The lives of military officers who led the arrest of terrorists freed during the Kuje prison jailbreak are in danger.
The Boko Haram and Islamic State’s West Africa Province (ISWAP) sects have vowed to go after them and their families.
ISWAP has claimed responsibility for the invasion of the Medium Security Custodial Centre, Kuje, Abuja.
Scores of its fighters stormed the location Tuesday night with improvised explosive devices (IEDs), grenades and firearms.
Hundreds of hardened criminals convicted or on remand escaped after the penitentiary was breached for hours.
Many of the terrorists had spent years in incarceration after their arrest by gallant military officers, some involuntarily retired in 2016.
They include Colonel Danladi Ribbah Hassan, Colonel Auwal Suleiman and Lt. Colonel Mohammed Abdulfatai.
In 2009, Suleiman led the arrest/killing of more than 370 insurgents and later helped to scuttle a Boko Haram plan to attack the Presidential Villa.
In 2014, Mohammed led the Konduga operation that eliminated over 200 terrorists. Both received official commendations for their feat.
A lawyer of the retired personnel disclosed that they had received threat messages from Boko Haram and ISWAP.
“My client’s life and that of his colleagues are in serious danger. We don’t know what the terrorists are planning.
“The military and other relevant security agencies must act fast”, he told PRNigeria on anonymity.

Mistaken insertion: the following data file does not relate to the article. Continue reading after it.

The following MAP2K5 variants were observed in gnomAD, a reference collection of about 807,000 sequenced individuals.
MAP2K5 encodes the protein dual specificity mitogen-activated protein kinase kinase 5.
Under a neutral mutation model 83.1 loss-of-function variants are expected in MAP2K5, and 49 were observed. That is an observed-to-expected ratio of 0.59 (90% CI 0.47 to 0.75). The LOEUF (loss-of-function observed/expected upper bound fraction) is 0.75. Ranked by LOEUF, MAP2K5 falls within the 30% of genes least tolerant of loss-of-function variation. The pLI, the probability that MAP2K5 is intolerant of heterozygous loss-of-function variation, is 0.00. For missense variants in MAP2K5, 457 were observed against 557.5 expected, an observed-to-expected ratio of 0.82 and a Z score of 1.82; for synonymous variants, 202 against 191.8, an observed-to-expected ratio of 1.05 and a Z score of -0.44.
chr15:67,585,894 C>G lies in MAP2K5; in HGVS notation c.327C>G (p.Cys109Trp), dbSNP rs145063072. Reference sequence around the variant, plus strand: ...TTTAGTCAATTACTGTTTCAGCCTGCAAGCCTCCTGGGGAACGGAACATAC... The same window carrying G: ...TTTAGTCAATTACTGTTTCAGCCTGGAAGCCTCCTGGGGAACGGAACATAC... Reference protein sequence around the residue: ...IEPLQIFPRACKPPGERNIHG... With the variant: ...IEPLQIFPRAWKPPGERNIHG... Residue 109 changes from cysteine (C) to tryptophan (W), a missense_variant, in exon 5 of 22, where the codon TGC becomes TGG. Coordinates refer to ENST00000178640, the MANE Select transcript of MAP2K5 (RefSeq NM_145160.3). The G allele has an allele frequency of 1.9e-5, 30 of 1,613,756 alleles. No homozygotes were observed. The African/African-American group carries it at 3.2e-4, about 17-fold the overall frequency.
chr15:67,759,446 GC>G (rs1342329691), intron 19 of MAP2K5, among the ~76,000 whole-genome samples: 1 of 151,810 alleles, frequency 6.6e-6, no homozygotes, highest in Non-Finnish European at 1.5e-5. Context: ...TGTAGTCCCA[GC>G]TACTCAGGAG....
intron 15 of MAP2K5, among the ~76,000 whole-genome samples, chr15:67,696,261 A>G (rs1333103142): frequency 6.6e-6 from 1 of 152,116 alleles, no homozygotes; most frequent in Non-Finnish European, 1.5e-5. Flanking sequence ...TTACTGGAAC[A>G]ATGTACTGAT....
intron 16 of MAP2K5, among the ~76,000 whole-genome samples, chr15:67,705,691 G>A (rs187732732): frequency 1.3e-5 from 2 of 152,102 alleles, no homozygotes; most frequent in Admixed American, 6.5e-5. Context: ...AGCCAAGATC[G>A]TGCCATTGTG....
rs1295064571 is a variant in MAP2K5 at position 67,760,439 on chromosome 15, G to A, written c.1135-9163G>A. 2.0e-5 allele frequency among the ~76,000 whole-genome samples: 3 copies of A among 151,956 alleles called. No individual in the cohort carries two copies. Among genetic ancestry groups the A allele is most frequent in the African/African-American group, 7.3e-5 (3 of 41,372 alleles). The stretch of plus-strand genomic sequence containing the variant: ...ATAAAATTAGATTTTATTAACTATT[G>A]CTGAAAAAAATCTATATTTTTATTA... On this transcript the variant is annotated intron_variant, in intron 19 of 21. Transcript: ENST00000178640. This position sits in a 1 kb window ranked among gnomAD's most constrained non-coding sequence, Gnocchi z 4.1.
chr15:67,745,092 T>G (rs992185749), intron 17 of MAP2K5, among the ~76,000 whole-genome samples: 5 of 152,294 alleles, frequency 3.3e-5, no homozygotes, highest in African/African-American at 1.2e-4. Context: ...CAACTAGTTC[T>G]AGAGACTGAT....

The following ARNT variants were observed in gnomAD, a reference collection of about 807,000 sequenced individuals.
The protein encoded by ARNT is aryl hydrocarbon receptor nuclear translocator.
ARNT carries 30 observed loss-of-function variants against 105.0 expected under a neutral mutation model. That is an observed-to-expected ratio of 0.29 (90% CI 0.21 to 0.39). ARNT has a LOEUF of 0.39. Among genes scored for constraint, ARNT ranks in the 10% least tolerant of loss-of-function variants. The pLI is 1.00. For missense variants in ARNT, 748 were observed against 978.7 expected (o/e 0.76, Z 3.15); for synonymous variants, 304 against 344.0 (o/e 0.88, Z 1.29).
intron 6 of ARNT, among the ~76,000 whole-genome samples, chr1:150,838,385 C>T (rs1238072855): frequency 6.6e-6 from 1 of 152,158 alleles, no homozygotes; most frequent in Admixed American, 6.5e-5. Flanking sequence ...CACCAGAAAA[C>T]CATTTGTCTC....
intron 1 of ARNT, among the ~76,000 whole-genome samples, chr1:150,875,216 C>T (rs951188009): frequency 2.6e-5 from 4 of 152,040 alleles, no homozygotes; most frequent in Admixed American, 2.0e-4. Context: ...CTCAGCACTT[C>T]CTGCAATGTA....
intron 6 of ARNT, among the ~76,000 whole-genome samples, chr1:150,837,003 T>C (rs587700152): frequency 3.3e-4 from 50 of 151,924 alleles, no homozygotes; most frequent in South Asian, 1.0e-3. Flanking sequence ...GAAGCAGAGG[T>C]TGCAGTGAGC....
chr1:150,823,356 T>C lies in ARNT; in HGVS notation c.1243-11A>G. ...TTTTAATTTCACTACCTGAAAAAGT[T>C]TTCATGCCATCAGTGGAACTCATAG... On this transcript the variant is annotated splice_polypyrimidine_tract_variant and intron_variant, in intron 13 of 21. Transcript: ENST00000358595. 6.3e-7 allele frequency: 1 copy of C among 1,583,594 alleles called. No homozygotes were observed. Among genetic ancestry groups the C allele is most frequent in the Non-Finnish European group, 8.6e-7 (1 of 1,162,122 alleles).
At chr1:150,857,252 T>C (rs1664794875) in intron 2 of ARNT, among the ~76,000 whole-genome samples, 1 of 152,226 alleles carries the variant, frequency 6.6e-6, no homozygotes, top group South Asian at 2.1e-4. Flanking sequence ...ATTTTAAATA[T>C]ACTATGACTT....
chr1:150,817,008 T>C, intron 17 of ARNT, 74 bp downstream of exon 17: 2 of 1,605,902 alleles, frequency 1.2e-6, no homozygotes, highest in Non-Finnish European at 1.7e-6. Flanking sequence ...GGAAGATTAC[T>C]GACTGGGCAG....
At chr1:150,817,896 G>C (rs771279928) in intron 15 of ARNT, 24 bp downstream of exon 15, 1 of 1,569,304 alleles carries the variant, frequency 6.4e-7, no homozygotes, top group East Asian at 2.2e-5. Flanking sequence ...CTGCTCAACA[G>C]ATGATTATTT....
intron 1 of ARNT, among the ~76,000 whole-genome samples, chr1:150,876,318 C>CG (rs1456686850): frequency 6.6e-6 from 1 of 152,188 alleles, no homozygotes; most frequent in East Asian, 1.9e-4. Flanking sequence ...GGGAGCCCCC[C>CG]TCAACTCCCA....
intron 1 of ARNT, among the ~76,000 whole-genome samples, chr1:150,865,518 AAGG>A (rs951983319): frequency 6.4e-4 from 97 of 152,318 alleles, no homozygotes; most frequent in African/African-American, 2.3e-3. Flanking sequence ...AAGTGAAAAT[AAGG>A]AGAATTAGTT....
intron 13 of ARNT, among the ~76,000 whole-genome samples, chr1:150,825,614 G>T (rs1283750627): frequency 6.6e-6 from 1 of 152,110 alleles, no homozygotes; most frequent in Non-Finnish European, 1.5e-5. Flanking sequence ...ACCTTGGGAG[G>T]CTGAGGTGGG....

The counsel criticized the military hierarchy for failing to facilitate the reinstatement of retired officers despite favourable court rulings.
Expressing hope that justice will be done, he said it was gratifying that the incumbent service chiefs have no objection to the verdicts.
“They were not behind the travails of my client and others. But our concern is the Minister of Defence, he has refused to act.
“We shall not relent in writing and exploring every avenue to get justice for the retired senior army officers”, the legal practitioner added.
DAILY POST gathered that the ex-commanders already declared their intention to rejoin the war against terrorists if the military effects the court orders and recall them.
Last year, Chief of Defence Staff (CDS) General Leo Irabor urged the Federal Government to intervene in the 2016 forceful retirement of 38 officers.
In a letter (Ref. No. CDS/8/A) to Defence Minister, retired Major General Bashir Magashi, Irabor acknowledged the non-compliance with rulings.
“The appeal is being made on the need to motivate both serving and retired personnel, sustain morale and sharpen the psyche of the future generation of officers.
“The appeal, if upheld, will ensure the primacy of military organizational values are kept permanently high without dampening morale or breeding mistrust.”
Irabor told Magashi that reservists and retired officers are a “vital workforce for advancing national interests and must be carefully managed to check inordinate activities by highly skilled but disgruntled personnel.”